This, to me, is enough evidence that Mishra is an utterly biased fan of Lata’s. He goes on and on, the superlatives never ceasing, never tempered by balance, or by anything that is even vaguely negative. The Episodes part is especially hagiographical, but it becomes obvious even in The Interview, where many of his questions have a distinctly laudatory tone to them. Lata, as is probably natural, basks in all that adulation, to the extent that one wonders at the honesty (or not) of much of this interview.

As it is, Mishra rarely asks her any uncomfortable questions. Her differences, sometimes long-standing, sometimes brief, with people like OP Nayyar, Mohammad Rafi, and SD Burman; her supposed elbowing out of talent that might prove competition; her right-wing leanings, and so on. These are touched upon in passing, and Lata either skirts the issue, or is vague in her answer, or simply denies what she calls a rumour. (As it is, that bit about the right-wing leanings is only my grouse; I don’t think Lata thought this a negative thing at all).

On the whole, while this book was a quick, fairly engrossing read (especially The Interview), I would recommend it primarily to those who want an insight into Lata Mangeshkar. Not a balanced, unbiased view, and not something you can refer to unless you have the patience to go through most of the book looking for the information you need. Also, the fact that what Mishra gathers in the Interview is reflected in The Episodes, means that there’s some repetition here, and sometimes quite pointless (for instance, in The Episodes, Mishra touches upon Lata’s differences with Jaidev, and says that they were resolved—but how, he does not explain, only saying that even Lata does not explain. Which is repeated all over again in The Interview).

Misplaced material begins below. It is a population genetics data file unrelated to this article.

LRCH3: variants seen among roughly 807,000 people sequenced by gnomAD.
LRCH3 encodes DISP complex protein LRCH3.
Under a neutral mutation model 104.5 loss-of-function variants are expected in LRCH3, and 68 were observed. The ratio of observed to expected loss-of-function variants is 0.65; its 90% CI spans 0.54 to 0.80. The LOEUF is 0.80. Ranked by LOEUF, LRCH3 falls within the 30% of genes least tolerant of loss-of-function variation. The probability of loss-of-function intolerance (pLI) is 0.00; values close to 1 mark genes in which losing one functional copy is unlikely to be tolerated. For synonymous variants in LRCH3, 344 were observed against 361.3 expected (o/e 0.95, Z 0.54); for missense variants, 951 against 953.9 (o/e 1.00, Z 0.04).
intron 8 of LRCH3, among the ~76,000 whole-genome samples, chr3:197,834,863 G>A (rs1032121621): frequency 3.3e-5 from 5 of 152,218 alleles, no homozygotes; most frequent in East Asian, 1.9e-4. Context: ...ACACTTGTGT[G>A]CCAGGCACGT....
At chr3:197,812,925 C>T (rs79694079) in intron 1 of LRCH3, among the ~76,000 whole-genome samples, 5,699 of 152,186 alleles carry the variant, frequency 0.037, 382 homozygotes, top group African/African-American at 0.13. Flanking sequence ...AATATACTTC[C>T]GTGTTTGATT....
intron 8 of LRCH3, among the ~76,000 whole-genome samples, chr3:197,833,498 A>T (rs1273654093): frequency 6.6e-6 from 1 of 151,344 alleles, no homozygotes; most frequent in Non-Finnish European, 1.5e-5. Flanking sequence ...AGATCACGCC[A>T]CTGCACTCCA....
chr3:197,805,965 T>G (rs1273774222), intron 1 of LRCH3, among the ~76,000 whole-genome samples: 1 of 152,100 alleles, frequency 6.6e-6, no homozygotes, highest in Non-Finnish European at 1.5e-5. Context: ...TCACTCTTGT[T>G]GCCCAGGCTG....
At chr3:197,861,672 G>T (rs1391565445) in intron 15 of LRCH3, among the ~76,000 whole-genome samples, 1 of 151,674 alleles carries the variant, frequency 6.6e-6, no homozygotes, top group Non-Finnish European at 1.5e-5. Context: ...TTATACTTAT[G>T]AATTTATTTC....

21 thoughts on “Book Review: Yatindra Mishra’s ‘Lata Mangeshkar: A Life in Music’

  1. That Lata was a product of her times is evident in more ways than one.
    She had the same caste prejudices and feudal outlook which made her accept and then follow certain practises which ensured a vice like control in her sphere.
    She invariably referred to Shamshad Begum as Shamshad Bai.
    This form of address could have many connotations.
    She was backed to the hilt by the Marathi Maoos syndrome and politicians like Thackeray made her very powerful.
    Leading producers, Directors, Music Directors, Journalists….. were really wary of her.
    A realistic assessment of her impact has therefore eluded many critics

    Liked by 1 person

    • As Nitin mentions in his second comment (below) the ‘Bai’ epithet is not, as far as I know too, derogatory – like, say, Savitribai Phule.

      But I tend to agree with you that the Marathi Manoos ideal probably ruled her a fair bit, and her political links might have helped strengthen her position. At any rate, from what I’ve heard, she did make things very difficult for aspiring competition.